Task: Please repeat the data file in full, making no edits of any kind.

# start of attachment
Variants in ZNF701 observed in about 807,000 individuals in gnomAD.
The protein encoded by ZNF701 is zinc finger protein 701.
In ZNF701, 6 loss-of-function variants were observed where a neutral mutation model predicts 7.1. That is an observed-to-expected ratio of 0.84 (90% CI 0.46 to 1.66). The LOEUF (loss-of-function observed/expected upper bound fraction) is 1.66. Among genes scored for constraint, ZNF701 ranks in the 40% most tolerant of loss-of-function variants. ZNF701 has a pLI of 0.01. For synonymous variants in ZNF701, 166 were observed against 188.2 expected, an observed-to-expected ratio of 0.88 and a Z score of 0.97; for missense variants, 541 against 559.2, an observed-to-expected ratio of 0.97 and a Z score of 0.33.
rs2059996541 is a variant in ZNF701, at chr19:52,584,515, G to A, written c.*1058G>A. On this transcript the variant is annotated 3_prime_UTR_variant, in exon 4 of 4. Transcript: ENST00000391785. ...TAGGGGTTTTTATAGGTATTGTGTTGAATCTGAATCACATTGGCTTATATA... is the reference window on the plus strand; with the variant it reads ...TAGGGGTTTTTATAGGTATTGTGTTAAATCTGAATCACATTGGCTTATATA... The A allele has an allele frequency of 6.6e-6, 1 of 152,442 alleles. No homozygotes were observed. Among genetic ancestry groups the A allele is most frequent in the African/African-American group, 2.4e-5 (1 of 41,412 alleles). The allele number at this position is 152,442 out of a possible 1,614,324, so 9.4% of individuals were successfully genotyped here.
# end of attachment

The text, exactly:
Variants in ZNF701 observed in about 807,000 individuals in gnomAD.
The protein encoded by ZNF701 is zinc finger protein 701.
In ZNF701, 6 loss-of-function variants were observed where a neutral mutation model predicts 7.1. That is an observed-to-expected ratio of 0.84 (90% CI 0.46 to 1.66). The LOEUF (loss-of-function observed/expected upper bound fraction) is 1.66. Among genes scored for constraint, ZNF701 ranks in the 40% most tolerant of loss-of-function variants. ZNF701 has a pLI of 0.01. For synonymous variants in ZNF701, 166 were observed against 188.2 expected, an observed-to-expected ratio of 0.88 and a Z score of 0.97; for missense variants, 541 against 559.2, an observed-to-expected ratio of 0.97 and a Z score of 0.33.
rs2059996541 is a variant in ZNF701, at chr19:52,584,515, G to A, written c.*1058G>A. On this transcript the variant is annotated 3_prime_UTR_variant, in exon 4 of 4. Transcript: ENST00000391785. ...TAGGGGTTTTTATAGGTATTGTGTTGAATCTGAATCACATTGGCTTATATA... is the reference window on the plus strand; with the variant it reads ...TAGGGGTTTTTATAGGTATTGTGTTAAATCTGAATCACATTGGCTTATATA... The A allele has an allele frequency of 6.6e-6, 1 of 152,442 alleles. No homozygotes were observed. Among genetic ancestry groups the A allele is most frequent in the African/African-American group, 2.4e-5 (1 of 41,412 alleles). The allele number at this position is 152,442 out of a possible 1,614,324, so 9.4% of individuals were successfully genotyped here.